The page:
Under s38 of the EPBC Act, forestry operations that are conducted “in accordance with” a Regional Forestry Agreement (RFA) are exempt from provisions in the EPBC Act that otherwise control actions that have, or are likely to have, a significant impact on matters of national environmental significance (including listed threatened species). One such provision is s18 of the EPBC Act, which provides that a person must not take an action that has, will have or is likely to have a significant impact on a listed threatened species.

In summary, there were two key issues in the case. The first main issue was whether the exemption in s38(1) of the EPBC Act was lost for certain of VicForest’s forestry operation. The second key issue was, if the s38 exemption was lost, whether the forestry operations were an action that was likely to have had or is likely to have a significant impact on the Greater Glider or Leadbeater’s Possum (or both) under s18 of the EPBC Act.

Following a contested trial, Mortimer J upheld the applicant’s key claims. On the first key issue, the Court held that VicForests lost the exemption in s38(1) of the EPBC Act because its forestry operations were not or are not likely to be undertaken in compliance with the central highlands RFA. This issue was determined in relation to certain coupes that were scheduled to be logged (the Scheduled Coupes) and also other coupes that already had been logged (the Logged Coupes). As to how the exemption conferred by s38 of the EPBC Act is lost, Mortimer J expressly adopted and applied her reasoning from her earlier judgment determining a separate question in the proceeding (see (2018) 260 FCR 1).

In relation to future forestry operations, the Court held that VicForests is not likely to comply with cl 2.2.2.2 of the Code of Practice for Timber Production 2014 (Vic) (the Code) in the Scheduled Coupes. Accordingly, for any forestry operations proposed to be undertaken by VicForests in the Scheduled Coupes, its conduct will not be covered by the s38(1) exemption (at [6(d)] and [1178]). In relation to past forestry operations, the Court held there were a range of miscellaneous breaches of the Code by VicForests in its forestry operations in the Logged Coupes. This included breaches of cl 2.2.2.2 and other clauses of the Code, sometimes in conjunction with parts of the Management Standards and Procedures for timber harvesting operations in Victoria’s State forests. In relation to those forestry operations, VicForests’ conduct was not covered by the s38(1) exemption in the coupes in which the breaches occurred (at [6(b)-(c)] and [1287]-[1290]).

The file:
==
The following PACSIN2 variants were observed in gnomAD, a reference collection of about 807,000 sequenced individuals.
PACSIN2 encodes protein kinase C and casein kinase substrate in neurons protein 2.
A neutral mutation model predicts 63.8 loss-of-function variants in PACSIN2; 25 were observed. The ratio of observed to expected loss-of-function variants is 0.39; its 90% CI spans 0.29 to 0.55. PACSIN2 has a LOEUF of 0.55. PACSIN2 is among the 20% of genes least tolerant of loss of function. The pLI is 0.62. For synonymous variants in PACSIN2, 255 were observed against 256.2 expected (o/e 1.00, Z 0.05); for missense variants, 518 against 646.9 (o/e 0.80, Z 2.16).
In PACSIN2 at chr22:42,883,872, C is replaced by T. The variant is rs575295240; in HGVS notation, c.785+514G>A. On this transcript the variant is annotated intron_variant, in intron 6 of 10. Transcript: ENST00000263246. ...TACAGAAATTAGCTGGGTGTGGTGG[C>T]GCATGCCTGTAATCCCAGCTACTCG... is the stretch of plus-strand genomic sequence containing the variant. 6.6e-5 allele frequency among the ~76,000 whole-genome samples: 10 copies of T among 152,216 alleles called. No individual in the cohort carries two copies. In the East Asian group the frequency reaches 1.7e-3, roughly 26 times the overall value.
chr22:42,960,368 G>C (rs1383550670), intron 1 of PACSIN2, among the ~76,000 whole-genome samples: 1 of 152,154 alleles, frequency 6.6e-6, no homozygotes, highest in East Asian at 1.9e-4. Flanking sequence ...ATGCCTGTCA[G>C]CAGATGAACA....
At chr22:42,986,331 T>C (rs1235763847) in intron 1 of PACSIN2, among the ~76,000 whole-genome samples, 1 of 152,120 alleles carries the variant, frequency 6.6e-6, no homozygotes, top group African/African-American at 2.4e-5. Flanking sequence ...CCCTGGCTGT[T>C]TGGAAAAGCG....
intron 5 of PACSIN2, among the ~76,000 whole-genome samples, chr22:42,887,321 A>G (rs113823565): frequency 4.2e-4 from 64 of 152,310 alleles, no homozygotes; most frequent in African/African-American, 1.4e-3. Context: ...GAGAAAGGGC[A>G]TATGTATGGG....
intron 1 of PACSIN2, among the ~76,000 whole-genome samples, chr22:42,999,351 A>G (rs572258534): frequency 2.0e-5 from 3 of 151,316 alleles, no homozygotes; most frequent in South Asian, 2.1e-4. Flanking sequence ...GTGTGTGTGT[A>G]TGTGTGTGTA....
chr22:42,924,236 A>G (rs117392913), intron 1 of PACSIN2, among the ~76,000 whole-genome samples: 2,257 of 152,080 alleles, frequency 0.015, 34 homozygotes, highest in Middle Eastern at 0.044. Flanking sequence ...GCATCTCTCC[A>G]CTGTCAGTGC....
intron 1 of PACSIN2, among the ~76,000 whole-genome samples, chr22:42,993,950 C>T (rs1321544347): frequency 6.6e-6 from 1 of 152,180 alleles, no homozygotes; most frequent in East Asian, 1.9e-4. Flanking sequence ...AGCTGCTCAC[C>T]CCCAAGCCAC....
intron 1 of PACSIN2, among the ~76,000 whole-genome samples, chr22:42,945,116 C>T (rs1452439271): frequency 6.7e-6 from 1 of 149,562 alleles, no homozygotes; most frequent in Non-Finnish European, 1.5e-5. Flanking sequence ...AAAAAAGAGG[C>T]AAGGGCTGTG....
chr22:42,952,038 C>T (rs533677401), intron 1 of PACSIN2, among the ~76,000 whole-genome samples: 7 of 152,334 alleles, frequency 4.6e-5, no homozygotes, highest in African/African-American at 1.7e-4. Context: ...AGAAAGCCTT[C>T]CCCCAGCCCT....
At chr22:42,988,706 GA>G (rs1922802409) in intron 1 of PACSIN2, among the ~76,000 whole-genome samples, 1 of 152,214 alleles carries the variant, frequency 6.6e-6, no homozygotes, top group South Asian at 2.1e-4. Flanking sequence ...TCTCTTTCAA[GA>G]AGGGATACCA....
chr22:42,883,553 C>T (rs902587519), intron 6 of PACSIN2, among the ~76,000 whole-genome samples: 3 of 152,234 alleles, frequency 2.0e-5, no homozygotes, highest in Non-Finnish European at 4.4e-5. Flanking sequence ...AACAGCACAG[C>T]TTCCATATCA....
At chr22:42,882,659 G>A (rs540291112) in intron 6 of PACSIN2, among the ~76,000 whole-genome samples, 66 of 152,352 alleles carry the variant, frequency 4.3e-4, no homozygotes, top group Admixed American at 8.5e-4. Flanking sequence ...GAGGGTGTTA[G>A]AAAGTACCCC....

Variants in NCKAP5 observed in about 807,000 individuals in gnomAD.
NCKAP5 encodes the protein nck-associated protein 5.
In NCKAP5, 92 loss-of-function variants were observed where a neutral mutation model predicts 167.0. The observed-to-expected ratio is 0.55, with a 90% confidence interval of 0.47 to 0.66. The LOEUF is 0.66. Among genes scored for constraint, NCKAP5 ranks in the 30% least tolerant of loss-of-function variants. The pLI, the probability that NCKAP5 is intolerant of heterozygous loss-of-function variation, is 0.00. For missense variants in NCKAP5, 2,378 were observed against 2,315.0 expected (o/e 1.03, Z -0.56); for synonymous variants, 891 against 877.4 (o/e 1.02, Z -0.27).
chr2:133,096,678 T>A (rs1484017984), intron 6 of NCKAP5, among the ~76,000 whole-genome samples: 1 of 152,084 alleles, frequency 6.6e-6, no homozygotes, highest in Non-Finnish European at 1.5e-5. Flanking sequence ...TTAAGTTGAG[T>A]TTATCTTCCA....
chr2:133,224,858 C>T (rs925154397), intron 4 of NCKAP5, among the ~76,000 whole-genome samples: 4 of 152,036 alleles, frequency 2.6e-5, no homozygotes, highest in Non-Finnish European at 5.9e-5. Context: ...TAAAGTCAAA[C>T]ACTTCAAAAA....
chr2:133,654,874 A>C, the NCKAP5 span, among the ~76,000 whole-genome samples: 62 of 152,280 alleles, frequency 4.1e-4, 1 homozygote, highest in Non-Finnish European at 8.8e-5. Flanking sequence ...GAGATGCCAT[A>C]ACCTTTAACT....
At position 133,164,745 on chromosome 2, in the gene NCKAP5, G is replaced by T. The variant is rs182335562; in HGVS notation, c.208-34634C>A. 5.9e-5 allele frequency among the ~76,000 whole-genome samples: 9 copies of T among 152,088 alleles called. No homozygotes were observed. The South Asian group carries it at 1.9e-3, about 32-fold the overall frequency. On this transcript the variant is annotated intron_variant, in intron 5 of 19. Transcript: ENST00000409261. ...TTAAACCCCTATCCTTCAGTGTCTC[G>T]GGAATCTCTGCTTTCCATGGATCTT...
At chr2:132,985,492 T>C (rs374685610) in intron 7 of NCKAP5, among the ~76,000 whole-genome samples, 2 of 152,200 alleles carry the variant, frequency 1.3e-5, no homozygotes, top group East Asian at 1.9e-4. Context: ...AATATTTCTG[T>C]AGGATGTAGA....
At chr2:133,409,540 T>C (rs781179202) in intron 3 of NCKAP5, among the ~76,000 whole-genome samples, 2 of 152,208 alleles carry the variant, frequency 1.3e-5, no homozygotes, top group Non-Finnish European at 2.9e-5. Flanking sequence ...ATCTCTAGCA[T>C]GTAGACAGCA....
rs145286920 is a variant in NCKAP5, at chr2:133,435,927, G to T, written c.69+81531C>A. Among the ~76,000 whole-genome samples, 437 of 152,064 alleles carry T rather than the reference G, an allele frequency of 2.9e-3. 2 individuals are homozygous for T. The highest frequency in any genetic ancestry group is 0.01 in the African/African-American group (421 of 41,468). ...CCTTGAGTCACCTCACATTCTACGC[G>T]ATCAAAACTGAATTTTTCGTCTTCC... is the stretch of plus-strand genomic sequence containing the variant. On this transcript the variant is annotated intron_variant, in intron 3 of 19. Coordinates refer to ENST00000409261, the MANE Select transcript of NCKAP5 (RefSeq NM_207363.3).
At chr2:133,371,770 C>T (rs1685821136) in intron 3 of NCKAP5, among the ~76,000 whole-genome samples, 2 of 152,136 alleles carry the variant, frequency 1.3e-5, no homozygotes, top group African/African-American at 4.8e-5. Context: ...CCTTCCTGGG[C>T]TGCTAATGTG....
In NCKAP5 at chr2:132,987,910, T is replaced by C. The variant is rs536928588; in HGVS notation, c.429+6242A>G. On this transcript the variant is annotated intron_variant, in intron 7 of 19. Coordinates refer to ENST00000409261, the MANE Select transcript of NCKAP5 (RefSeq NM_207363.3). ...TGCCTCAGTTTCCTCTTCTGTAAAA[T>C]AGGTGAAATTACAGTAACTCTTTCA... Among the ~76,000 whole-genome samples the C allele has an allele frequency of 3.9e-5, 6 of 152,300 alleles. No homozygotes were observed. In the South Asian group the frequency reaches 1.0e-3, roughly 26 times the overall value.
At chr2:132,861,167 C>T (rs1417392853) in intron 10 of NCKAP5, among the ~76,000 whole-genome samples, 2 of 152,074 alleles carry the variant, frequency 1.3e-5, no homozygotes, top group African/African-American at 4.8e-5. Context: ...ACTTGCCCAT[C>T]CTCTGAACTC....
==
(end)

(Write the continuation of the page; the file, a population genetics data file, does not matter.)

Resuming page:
Non-compliance with cl 2.2.2.2 of the Code was central to the Court’s findings. Clause 2.2.2.2 of the Code required VicForests, in planning and conducting its forestry operations, to apply the precautionary principle to the conservation of biodiversity values. Accordingly the Court’s judgment contains consideration of the precautionary principle (at [800]-[859]).

Turning to the second key issue, the Court held that VicForests’ conduct of forestry operations is likely to have had, or is likely to have, a significant impact on the Greater Glider as a species and/or the Leadbeater’s Possum as a species. Therefore, s18 of the EPBC Act was contravened and/or is engaged, depending on whether the action has been undertaken, or is proposed to be undertaken [at [6(h)] and [1455]). For the purposes of s18 of the EPBC Act, the Court held that each forestry operation in each of the 66 impugned coupes is an action; each series of forestry operations in each coupe group is an action; the forestry operations undertaken in the Logged Coupes are, collectively, an action; the forestry operations proposed to be undertaken in the Scheduled Coupes are, collectively, an action; and the forestry operations in all of the 66 coupes are, collectively, an action (at [6(g)] and [1339]).

The Court gave the parties an opportunity to make submissions on declaratory and injunctive relief. ■


Dan Star QC is a Senior Counsel at the Victorian Bar, ph (03) 9225 8757 or email danstar@vicbar.com.au
The full version of these judgments can be found at www.austlii.edu.au. Numbers in square brackets refer to paragraph numbers in the judgment.